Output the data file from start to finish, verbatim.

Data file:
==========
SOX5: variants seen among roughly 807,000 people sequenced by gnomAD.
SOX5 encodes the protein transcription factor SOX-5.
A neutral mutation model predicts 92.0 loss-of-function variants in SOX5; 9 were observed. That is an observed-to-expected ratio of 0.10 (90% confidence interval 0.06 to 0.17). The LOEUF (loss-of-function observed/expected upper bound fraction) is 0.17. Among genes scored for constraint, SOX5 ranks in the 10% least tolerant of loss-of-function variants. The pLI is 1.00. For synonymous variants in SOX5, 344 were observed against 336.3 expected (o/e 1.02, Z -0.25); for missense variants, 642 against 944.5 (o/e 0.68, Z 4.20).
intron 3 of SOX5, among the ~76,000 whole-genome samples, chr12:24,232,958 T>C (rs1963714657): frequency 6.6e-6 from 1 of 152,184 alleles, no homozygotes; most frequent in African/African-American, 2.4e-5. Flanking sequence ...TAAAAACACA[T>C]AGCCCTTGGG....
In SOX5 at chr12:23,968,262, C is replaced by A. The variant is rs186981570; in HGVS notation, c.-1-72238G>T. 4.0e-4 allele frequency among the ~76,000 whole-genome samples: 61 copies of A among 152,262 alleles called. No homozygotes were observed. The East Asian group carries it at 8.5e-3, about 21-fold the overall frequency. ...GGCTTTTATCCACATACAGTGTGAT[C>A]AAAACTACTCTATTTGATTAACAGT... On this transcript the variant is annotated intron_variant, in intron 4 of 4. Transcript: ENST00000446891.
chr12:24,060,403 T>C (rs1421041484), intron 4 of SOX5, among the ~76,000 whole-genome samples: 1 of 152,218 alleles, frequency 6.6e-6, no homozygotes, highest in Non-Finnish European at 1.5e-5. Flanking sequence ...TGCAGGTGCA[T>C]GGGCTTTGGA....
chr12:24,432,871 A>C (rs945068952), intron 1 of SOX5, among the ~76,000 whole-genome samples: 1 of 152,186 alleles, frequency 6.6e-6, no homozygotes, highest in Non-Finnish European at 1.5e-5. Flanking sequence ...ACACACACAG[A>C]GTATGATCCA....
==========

SOX5: variants seen among roughly 807,000 people sequenced by gnomAD.
SOX5 encodes the protein transcription factor SOX-5.
A neutral mutation model predicts 92.0 loss-of-function variants in SOX5; 9 were observed. That is an observed-to-expected ratio of 0.10 (90% confidence interval 0.06 to 0.17). The LOEUF (loss-of-function observed/expected upper bound fraction) is 0.17. Among genes scored for constraint, SOX5 ranks in the 10% least tolerant of loss-of-function variants. The pLI is 1.00. For synonymous variants in SOX5, 344 were observed against 336.3 expected (o/e 1.02, Z -0.25); for missense variants, 642 against 944.5 (o/e 0.68, Z 4.20).
intron 3 of SOX5, among the ~76,000 whole-genome samples, chr12:24,232,958 T>C (rs1963714657): frequency 6.6e-6 from 1 of 152,184 alleles, no homozygotes; most frequent in African/African-American, 2.4e-5. Flanking sequence ...TAAAAACACA[T>C]AGCCCTTGGG....
In SOX5 at chr12:23,968,262, C is replaced by A. The variant is rs186981570; in HGVS notation, c.-1-72238G>T. 4.0e-4 allele frequency among the ~76,000 whole-genome samples: 61 copies of A among 152,262 alleles called. No homozygotes were observed. The East Asian group carries it at 8.5e-3, about 21-fold the overall frequency. ...GGCTTTTATCCACATACAGTGTGAT[C>A]AAAACTACTCTATTTGATTAACAGT... On this transcript the variant is annotated intron_variant, in intron 4 of 4. Transcript: ENST00000446891.
chr12:24,060,403 T>C (rs1421041484), intron 4 of SOX5, among the ~76,000 whole-genome samples: 1 of 152,218 alleles, frequency 6.6e-6, no homozygotes, highest in Non-Finnish European at 1.5e-5. Flanking sequence ...TGCAGGTGCA[T>C]GGGCTTTGGA....
chr12:24,432,871 A>C (rs945068952), intron 1 of SOX5, among the ~76,000 whole-genome samples: 1 of 152,186 alleles, frequency 6.6e-6, no homozygotes, highest in Non-Finnish European at 1.5e-5. Flanking sequence ...ACACACACAG[A>C]GTATGATCCA....